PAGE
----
Geology.—Belgium lies upon the northern side of an ancient mountain chain which has long been worn down to a low level and the remnants of which rise to the surface in the Ardennes, and extend eastward into Germany, forming the Eifel and Westerwald, the Hunsrück and the Taunus. Westward the chain lies buried beneath the Mesozoic and Tertiary beds of Belgium and the north of France, but it reappears in the west of England and Ireland. It is the “Hercynian chain” of Marcel Bertrand, and is composed entirely of Palaeozoic rocks. Upon its northern margin lie the nearly undisturbed Cretaceous and Tertiary beds which cover the greater part of Belgium. The latest beds which are involved in the folds of this mountain range belong to the Coal Measures, and the final elevation must have taken place towards the close of the Carboniferous period. The fact that in Belgium Jurassic beds are found upon the southern and not upon the northern margin indicates that in this region the chain was still a ridge in Jurassic times. In the Ardennes the rocks which constitute the ancient mountain chain belong chiefly to the Devonian System, but Cambrian beds rise through the Devonian strata, forming the masses of Rocroi, Stavelot, &c., which appear to have been islands in the Devonian sea. The Ordovician and Silurian are absent here, and the Devonian rests unconformably upon the Cambrian; but along the northern margin of the Palaeozoic area, Ordovician and Silurian rocks appear, and beds of similar age are also exposed farther north where the rivers have cut through the overlying Tertiary deposits. Carboniferous beds occur in the north of the Palaeozoic area. Near Dinant they are folded amongst the Devonian beds, but the most important band runs along the northern border of the Ardennes. In this band lie the coalfields of Liége, and of Mons and Charleroi. It is a long and narrow trough, which is separated from the older rocks of the Ardennes by a great reversed fault, the faille du midi. In the southern half of the trough the folding of the Coal Measures is intense; in the northern half it is much less violent. The structure is complicated by a thrust-plane which brings a mass of older beds upon the Coal Measures in the middle of the trough. Except along the southern border of the Ardennes, and at one or two points in the middle of the Palaeozoic massif, Triassic and Jurassic beds are unknown in Belgium, and the Palaeozoic rocks are directly and unconformably overlaid by Cretaceous and Tertiary deposits. The Cretaceous beds are not extensive, but the Wealden deposits of Bernissart, with their numerous remains of Iguanodon, and the chalk of the district about the Dutch frontier near Maastricht, with its very late Cretaceous fauna, are of special interest.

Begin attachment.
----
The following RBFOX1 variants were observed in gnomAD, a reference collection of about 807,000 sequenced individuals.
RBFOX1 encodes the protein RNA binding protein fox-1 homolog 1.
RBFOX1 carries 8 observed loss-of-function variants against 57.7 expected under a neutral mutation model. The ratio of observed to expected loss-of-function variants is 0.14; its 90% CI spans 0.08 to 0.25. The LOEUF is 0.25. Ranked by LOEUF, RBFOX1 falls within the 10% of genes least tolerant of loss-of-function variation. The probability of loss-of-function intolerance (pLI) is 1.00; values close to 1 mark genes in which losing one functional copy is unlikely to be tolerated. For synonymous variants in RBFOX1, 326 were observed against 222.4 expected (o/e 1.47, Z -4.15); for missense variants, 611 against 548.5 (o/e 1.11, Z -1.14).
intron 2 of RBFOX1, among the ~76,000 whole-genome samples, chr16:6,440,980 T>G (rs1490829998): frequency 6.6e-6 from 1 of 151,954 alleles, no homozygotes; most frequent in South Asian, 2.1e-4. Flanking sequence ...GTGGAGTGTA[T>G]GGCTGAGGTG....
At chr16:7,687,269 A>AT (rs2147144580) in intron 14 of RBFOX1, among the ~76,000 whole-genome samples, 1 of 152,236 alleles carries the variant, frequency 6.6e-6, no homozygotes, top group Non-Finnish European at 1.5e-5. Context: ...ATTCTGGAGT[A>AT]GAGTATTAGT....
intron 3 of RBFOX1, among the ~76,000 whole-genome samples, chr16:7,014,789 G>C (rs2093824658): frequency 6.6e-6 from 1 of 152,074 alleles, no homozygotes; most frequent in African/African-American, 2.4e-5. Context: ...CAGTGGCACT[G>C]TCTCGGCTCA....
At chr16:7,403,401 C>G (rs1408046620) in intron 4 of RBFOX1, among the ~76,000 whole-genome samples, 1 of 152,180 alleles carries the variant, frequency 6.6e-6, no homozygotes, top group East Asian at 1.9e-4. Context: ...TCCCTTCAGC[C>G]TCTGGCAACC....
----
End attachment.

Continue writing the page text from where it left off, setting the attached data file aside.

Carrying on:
Exclusive of the Ardennes the greater part of Belgium is covered by Tertiary deposits. The Eocene, consisting chiefly of sands and marls, occupies the whole of the west of the country. The Oligocene forms a band stretching from Antwerp to Maastricht, and this is followed towards the north by a discontinuous strip of Miocene and a fairly extensive area of Pliocene. The Tertiary deposits are similar in general character to those of the north of France and the south of England. Coal and iron are by far the most important mineral productions of Belgium. Zinc, lead and copper are also extensively worked in the Palaeozoic rocks of the Ardennes.

Area and Population.—The area comprises 2,945,503 hectares, or about 11,373 English sq. m., and the total population in December 1904 was 7,074,910, giving an average of 600 per sq. m.

The Nine
 Provinces. 
Area in
 English sq. m. 
 Population at 
end of 1904.
 Population per 
sq. m. 1904.
  Antwerp
  Brabant
  Flanders E.
  Flanders W.
  Hainaut
  Liége
  Limburg
  Luxemburg
  Namur
Total
1093 
1268 
1158 
1249 
1437 
1117 
931 
1706 
1414 
888,980 
1,366,389 
1,078,507 
845,732 
1,192,967 
863,254 
255,359 
225,963 
357,759 
  813.3
1077.59
  931.35
  677.8
  830.18
  772.8
  274.28
  132.45
  253
11,373 7,074,910   622


The population was made up of 3,514,491 males and 3,560,419 females. The rate at which the population has increased is shown as follows:—From 1880 to 1890 the increase was at the rate annually of 54,931, from 1890 to 1900 at the rate of 62,421, and for the five years from 1900 to 1904 at the rate of 66,200. In 1831 the population of Belgium was 3,785,814, so that in 75 years it had not quite doubled. The following table gives the total births and deaths in certain years since 1880:—


  Year.     Total births.     Total deaths.     Excess of births.  
1880.
1895.
1900.
1904.
171,864
183,015
193,789
191,721
123,323
125,148
129,046
119,506
48,541
57,867
64,743
72,215


These figures show that the births were 23,674 more in 1904 than in 1880, while the deaths were nearly 4000 fewer, with a population that had increased from 5½ to 7 millions. Of 191,721 births in 1904, 12,887 or 6.7% were illegitimate. Statistics of